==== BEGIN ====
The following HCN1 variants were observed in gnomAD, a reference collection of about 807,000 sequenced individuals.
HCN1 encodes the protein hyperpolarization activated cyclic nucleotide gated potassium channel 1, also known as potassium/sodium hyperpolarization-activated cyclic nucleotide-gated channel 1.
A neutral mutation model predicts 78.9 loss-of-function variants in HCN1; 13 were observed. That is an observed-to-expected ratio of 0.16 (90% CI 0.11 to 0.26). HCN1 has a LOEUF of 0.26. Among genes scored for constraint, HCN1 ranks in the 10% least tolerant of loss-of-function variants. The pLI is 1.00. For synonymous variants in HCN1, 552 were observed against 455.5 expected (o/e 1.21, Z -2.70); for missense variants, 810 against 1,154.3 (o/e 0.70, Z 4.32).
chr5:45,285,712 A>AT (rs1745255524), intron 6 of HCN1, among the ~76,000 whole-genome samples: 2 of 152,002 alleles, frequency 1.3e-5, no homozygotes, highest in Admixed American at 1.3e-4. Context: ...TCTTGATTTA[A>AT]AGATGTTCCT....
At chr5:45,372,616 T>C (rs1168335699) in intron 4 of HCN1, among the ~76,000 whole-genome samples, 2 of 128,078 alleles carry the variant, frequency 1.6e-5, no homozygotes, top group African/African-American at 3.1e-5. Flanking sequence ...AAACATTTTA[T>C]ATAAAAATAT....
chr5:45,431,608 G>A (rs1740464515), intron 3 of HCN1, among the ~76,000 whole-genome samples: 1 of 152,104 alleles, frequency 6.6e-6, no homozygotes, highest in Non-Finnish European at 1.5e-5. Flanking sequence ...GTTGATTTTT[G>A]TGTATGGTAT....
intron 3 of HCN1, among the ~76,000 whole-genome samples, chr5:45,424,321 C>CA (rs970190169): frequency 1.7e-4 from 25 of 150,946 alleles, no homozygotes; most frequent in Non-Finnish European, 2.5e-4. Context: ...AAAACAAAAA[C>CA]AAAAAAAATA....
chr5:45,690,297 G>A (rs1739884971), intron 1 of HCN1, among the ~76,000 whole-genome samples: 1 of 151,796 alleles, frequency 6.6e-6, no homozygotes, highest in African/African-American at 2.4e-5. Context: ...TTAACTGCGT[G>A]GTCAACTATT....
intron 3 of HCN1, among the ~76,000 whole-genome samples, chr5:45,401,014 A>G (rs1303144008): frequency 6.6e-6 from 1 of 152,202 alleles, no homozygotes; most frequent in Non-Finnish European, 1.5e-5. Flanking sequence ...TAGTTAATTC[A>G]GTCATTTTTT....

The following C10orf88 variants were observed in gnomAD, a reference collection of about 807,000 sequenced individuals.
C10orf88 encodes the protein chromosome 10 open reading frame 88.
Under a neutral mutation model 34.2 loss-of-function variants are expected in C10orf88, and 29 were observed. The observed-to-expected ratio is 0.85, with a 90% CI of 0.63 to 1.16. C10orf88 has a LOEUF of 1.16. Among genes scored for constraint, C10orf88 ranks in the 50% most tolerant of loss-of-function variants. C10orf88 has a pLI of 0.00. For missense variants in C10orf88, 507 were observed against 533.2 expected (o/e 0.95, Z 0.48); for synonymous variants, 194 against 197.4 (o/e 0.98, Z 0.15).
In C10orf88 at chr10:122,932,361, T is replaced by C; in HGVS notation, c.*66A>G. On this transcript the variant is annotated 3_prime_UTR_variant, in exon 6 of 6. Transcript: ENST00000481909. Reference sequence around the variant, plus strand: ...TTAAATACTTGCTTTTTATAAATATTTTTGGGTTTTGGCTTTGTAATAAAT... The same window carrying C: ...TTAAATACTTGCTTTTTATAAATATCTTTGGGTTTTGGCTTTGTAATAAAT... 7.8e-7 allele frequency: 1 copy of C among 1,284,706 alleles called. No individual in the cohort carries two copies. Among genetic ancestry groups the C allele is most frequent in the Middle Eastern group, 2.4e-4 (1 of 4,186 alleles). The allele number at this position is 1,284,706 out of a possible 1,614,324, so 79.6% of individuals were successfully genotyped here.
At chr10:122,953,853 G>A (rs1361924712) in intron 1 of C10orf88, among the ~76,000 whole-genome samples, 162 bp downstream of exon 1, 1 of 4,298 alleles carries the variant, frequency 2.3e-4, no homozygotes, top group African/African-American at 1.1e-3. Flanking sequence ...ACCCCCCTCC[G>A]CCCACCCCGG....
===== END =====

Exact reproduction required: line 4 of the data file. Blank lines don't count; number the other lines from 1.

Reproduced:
chr5:45,285,712 A>AT (rs1745255524), intron 6 of HCN1, among the ~76,000 whole-genome samples: 2 of 152,002 alleles, frequency 1.3e-5, no homozygotes, highest in Admixed American at 1.3e-4. Context: ...TCTTGATTTA[A>AT]AGATGTTCCT....